An interesting brand strategy to me has always been putting the owner's persona front and center. Make them the face and voice of the brand. Everything we read today speaks to the relationships we build with customers. Make 'em smile when they see you coming. Volunteering for local charities. Networking. A good number of small business professionals I come into contact with invest a lot of face-time in their markets. These efforts make their names synonymous with their brands. In the greater world, think of Richard Branson, Steve Jobs and Bill Gates. As you read each name, no one had to tell you the company behind each. Attaching the visionary to your brand image extends the effort you put out to a greater effect. Relationships extend to your marketing and sales, benefiting from your notoriety in the marketplace. 

Humility often gets in the way of this strategy. It may seem like boasting, but if you identify yourself as a product for the greater good of the brand, then the benefit becomes obvious. By coupling the two you would also benefit from the fact that your marketplace won't view the brand and the very public owner as two separate entities. As it stands, the public owner is seen as the pillar of the company. If they were to die tonight, most would view the brand as vulnerable. Viewed as a spokesperson on the other hand, the company has brand cache of it's own. It carries on in the spirit of the spokesperson, i.e.: Walt Disney. Of course this strategy takes some nurturing, but at the very least it can be argued that cohesiveness of efforts bears more fruit than separate strategies for a common goal.

Wednesday, March 27, 2013

The 10 most profitable Google Feed Optimizations

Google Shopping is a paid service. That offers an opportunity for many advertisers: more clicks, a lower cpc and better conversion rates. Advertisers are beginning to realize that the profitability of their Product Listing Ads depends on the quality of their product feed.
What are the most profitable feed optimizations that will help advertisers maximize the RoI of their Product Listing Ad campaigns?
DataFeedWatch analyzed the modifications that its customers executed between November and February and compiled the following top 10:

  1. AdWords Grouping: Bids based on price 
    RoI-driven advertisers set higher bids for more expensive products. They divide all products into different price groups ($1-$5, $5-$10, etc.) so they can create product targets that are a mix of e.g. brand and price. Some of them are even able to categorize their products by margin and maximize gross margin across their entire product portfolio.
  2. Exclude: only advertise profitable products 
    Most merchants exclude certain products from their Google-feed for various reasons: Seasonality, CPA too high, etc. Not advertising those products is a big saving.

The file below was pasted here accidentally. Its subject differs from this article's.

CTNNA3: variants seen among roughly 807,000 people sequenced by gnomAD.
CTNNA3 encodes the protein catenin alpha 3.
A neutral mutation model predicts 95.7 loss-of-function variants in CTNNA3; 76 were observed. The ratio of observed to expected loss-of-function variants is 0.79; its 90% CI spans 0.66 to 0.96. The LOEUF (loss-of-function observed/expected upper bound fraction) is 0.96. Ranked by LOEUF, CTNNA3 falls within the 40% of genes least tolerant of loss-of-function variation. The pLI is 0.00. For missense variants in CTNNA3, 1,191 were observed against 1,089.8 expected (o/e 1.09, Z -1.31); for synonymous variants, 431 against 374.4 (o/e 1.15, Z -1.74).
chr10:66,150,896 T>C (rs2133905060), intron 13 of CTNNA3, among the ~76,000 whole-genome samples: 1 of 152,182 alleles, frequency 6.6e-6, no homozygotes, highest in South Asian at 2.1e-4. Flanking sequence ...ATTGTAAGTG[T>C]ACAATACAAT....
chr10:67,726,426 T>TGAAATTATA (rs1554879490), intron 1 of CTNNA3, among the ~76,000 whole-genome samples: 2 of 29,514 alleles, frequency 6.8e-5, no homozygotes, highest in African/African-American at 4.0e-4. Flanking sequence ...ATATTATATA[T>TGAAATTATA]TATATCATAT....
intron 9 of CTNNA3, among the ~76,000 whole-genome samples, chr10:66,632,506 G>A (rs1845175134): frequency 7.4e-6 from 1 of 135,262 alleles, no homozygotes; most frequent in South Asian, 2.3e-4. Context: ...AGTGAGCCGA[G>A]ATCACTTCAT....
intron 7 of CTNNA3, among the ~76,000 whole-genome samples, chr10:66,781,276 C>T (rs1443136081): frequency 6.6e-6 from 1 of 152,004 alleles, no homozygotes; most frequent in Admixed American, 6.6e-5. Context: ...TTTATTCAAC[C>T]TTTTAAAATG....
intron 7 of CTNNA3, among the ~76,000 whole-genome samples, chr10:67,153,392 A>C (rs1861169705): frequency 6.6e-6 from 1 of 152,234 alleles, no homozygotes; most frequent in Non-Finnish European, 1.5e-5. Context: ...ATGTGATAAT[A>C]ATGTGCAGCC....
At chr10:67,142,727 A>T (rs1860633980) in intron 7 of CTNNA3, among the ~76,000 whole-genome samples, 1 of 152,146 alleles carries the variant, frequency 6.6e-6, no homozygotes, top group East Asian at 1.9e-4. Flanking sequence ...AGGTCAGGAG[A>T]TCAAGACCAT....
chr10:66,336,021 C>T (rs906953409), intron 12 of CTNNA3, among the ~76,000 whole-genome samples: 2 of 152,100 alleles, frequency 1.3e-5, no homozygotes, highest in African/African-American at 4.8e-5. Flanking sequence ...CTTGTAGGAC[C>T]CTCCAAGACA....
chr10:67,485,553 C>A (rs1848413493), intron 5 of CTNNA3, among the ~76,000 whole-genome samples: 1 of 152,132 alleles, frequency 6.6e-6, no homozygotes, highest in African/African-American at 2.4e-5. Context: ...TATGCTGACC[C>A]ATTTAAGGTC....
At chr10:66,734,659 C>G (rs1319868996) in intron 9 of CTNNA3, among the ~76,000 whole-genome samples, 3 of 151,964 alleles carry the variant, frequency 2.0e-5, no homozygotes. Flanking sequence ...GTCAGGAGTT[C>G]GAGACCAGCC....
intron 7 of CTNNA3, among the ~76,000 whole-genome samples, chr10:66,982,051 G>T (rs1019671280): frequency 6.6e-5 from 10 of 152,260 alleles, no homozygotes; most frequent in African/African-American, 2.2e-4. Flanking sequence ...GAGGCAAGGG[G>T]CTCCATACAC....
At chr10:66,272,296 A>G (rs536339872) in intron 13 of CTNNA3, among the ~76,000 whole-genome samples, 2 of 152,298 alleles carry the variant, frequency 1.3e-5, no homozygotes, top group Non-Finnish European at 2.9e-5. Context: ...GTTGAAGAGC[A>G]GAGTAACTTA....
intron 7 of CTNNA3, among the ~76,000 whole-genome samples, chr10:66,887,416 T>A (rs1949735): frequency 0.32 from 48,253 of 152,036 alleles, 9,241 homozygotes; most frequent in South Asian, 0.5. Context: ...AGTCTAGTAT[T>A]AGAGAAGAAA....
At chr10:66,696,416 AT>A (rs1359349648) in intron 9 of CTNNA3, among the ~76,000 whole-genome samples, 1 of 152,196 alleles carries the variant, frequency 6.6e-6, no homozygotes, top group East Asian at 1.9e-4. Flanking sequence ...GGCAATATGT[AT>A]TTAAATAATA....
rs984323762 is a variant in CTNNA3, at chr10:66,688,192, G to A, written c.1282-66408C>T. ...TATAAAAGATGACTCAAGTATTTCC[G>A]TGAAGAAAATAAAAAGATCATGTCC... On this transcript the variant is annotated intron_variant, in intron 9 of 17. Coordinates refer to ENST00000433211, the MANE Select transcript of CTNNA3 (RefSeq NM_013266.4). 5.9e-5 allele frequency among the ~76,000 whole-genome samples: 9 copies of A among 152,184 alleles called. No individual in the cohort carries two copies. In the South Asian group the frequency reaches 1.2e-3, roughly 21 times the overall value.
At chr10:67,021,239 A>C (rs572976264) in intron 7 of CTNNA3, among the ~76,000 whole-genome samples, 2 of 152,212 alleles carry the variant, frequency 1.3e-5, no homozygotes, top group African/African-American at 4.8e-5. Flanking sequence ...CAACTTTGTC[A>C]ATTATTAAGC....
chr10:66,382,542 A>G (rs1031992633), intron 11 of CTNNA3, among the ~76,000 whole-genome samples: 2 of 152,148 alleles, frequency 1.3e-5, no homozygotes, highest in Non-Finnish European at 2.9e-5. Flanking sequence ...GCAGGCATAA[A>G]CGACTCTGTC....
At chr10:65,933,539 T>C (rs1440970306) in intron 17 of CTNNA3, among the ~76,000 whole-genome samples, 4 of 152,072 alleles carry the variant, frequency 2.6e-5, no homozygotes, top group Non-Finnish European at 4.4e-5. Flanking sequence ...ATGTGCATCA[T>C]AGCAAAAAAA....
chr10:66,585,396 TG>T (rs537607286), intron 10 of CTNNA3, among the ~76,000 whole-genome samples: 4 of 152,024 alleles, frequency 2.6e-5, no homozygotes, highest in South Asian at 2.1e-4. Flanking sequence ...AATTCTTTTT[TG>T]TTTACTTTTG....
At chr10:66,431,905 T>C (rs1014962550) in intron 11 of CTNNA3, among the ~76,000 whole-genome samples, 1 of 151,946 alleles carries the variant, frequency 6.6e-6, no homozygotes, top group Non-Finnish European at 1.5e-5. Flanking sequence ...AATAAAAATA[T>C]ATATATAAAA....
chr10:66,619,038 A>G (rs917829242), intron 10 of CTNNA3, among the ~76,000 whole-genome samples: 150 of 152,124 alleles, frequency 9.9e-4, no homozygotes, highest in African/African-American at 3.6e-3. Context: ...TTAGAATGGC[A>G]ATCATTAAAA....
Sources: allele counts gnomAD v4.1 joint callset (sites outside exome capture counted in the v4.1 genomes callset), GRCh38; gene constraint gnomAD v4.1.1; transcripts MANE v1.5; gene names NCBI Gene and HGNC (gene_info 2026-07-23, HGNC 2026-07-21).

Some merchants take that one step further; they exclude products on a per-channel basis: some products do well on Shopzilla but not on Google. By selecting the best channel for each product, they considerably improve RoI.
  3. AdWords Labels for high converters 
    Web shops are willing to bid more for products that convert better. Setting a product target per product type does not achieve that.

    Example: A shoe shop knew that those red high heels size 8 sell much better than those black ones size 10. Setting color and size as AdWords labels, enabled the shop owner to bid differently on both products and improve his RoI.
  4. Google categories: 6 levels deep 
    Merchants often have all products in a few generic Google Categories (example: Software > Video Game Software). An effective optimization is to assign deep-level categories to each of their products, based on product type (example: Software > Video Game Software > All Xbox games > Xbox 360 games).

    A more specific Google Category increases visibility and the traffic quality on Google Shopping and thus increases impressions and conversion rate.
  5. Availability: only advertise what's in stock 
    The "availability" field is mandatory and it ensures that out-of-stock-products are never advertised. Most shopping carts have a field for that, but Google accepts only four values here: in stock, available for order, out of stock and preorder.

    On Magento, for example, availability will be either 0 or 1, so all Magento-merchants remap each 0 to out of stock and each 1 to in stock. Another popular re-map is using Stock Levels: Availability = out of stock if quantity = 0 and in stock if quantity > 0.
  6. Variants: No way around it 
    Most apparel shops have Variants (example: 1 shirt in 5 different colors). Every shopping cart has a different way of presenting those variants and that's often not the Google-way. Hence, those merchants have no other option than to find the field that links all variants and re-map it to Google's group id.
  7. AdWords Redirect: Add Tracking 
    Tracking the performance is key for every merchant. Even though most of them have a pretty good insight using data from AdWords and (any) Analytics software, it pays to add additional tracking code to their feed: It enables them to segment all data in one place, like Google Analytics. Google has created the "AdWords Redirect" field to add tracking code.
  8. Appealing product titles 
    Merchants often remap product titles to ensure that their Product Listing Ads are compelling enough. Example: If the title of a product is "501", the merchant should add "Levi's" to it.

    As a side note: merchants sometimes use this functionality to meet Google's guidelines, by erasing exclamation marks, replacing CAPITALS and deleting promotional texts such as "Free shipping, etc.
  9. Add bar codes 
    Adding the bar code of each product (UPC in the US, EAN in Europe) increases the conversion rate: Google now can identify each product exactly and better match products with search queries.

    Example: even if a product feed for mountain bikes does not contain fields for suspension type or frame material, Google can categorize all bikes by these attributes, if they have the UPC.
  10. Condition: new or used?